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Molecular Evolution of Regulatory Genes in Spruces from Different Species and Continents: Heterogeneous Patterns of Linkage Disequilibrium and Selection but Correlated Recent Demographic Changes

By Marie-Claire Namroud, Carine Guillet-Claude, John Mackay, Nathalie Isabel and Jean Bousquet

Abstract

Genes involved in transcription regulation may represent valuable targets in association genetics studies because of their key roles in plant development and potential selection at the molecular level. Selection and demographic signatures at the sequence level were investigated for five regulatory genes belonging to the knox-I family (KN1, KN2, KN3, KN4) and the HD-Zip III family (HB-3) in three Picea species affected by post-glacial recolonization in North America and Europe. To disentangle neutral and selective forces and estimate linkage disequilibrium (LD) on a gene basis, complete or nearly complete gene sequences were analysed. Nucleotide variation within species, haplotype structure, LD, and neutrality tests, in addition to coalescent simulations based on Tajima’s D and Fay and Wu’s H, were estimated. Nucleotide diversity was generally low in all species (average π = 0.002–0.003) and much heterogeneity was seen in LD and selection signatures among genes and species. Most of the genes harboured an excess of both rare and frequent alleles in the three species. Simulations showed that this excess was significantly higher than that expected under neutrality and a bottleneck during the Last Glacial Maximum followed by population expansion at the Pleistocene/Holocene boundary or shortly after best explains the correlated sequence patterns. These results indicate that despite recent large demographic changes in the three boreal species from two continents, species-specific selection signatures could still be detected from the analysis of nearly complete regulatory gene sequences. Such different signatures indicate differential subfunctionalization of gene family members in the three congeneric species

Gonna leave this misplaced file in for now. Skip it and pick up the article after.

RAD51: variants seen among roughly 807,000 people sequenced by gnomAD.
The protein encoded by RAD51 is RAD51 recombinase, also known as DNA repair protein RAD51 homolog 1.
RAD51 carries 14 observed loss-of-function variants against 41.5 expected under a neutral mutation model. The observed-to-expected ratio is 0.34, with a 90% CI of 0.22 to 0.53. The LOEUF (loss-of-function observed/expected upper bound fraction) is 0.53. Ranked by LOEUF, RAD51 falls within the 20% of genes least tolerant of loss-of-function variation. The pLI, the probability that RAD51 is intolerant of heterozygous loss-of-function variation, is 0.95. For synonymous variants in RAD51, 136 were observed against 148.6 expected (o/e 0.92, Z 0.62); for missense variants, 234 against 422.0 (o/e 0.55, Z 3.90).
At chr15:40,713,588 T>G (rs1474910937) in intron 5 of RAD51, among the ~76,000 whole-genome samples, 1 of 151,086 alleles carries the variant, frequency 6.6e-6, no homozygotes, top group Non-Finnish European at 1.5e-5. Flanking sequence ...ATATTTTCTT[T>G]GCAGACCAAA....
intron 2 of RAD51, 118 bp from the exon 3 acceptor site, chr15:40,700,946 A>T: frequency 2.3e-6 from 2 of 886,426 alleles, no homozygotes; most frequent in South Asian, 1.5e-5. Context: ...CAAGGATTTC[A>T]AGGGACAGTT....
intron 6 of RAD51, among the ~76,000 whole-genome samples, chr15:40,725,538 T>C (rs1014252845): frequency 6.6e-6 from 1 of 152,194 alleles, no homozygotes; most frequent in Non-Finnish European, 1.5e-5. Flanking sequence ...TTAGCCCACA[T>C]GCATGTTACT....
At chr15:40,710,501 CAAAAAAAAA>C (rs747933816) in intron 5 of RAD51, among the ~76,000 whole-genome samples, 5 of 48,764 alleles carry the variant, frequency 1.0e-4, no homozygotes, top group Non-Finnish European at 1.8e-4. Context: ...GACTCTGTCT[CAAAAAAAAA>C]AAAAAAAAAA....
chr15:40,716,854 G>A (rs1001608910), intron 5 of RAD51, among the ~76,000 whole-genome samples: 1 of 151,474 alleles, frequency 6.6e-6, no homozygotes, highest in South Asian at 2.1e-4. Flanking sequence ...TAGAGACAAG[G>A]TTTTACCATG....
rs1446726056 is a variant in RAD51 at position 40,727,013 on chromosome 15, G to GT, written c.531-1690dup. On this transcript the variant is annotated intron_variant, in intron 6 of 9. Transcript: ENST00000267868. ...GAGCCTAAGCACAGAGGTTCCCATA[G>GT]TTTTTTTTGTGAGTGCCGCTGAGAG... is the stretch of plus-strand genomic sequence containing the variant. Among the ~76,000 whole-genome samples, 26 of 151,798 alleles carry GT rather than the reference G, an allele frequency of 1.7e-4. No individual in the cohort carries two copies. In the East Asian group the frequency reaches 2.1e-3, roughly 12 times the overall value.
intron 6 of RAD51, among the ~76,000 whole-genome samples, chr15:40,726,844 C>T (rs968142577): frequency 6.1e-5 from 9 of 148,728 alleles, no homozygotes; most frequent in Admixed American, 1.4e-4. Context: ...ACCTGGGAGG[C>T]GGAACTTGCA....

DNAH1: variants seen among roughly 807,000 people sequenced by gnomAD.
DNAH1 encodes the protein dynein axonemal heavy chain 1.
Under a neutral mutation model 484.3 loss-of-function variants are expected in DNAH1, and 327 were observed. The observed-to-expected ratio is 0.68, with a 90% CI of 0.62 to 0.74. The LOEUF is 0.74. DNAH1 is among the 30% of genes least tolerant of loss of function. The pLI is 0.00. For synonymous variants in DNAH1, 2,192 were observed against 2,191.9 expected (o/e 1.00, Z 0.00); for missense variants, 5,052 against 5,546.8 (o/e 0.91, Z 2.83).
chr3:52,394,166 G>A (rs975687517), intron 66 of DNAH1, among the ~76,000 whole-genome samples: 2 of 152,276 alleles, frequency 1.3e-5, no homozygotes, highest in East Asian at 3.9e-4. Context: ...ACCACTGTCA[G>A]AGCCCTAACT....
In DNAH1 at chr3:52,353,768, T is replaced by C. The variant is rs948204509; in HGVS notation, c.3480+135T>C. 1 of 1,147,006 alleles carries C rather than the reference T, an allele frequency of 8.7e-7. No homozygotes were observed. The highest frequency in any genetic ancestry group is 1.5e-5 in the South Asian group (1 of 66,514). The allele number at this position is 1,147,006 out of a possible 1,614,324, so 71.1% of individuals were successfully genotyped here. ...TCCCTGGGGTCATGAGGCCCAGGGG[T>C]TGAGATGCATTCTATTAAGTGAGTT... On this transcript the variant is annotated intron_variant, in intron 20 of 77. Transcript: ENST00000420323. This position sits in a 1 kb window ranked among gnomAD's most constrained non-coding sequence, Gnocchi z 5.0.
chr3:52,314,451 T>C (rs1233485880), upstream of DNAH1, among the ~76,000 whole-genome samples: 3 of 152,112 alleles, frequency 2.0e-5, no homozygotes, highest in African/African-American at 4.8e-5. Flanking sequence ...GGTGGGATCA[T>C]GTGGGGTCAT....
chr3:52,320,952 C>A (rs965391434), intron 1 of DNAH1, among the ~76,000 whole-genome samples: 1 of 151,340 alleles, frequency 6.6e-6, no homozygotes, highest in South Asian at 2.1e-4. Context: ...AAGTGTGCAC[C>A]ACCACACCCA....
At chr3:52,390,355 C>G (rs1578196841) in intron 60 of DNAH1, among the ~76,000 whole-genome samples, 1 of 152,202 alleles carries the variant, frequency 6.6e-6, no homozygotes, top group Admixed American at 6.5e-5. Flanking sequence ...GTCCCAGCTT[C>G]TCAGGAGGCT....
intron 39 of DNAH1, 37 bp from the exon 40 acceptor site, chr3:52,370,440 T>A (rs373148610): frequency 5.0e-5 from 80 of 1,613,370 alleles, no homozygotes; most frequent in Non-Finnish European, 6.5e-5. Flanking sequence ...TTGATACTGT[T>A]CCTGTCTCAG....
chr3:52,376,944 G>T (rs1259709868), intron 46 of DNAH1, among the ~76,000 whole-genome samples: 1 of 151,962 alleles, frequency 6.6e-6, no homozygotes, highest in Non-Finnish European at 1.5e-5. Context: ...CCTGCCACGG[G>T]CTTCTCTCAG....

Topics: Article
Publisher: Springer-Verlag
OAI identifier: oai:pubmedcentral.nih.gov:2874021
Provided by: PubMed Central

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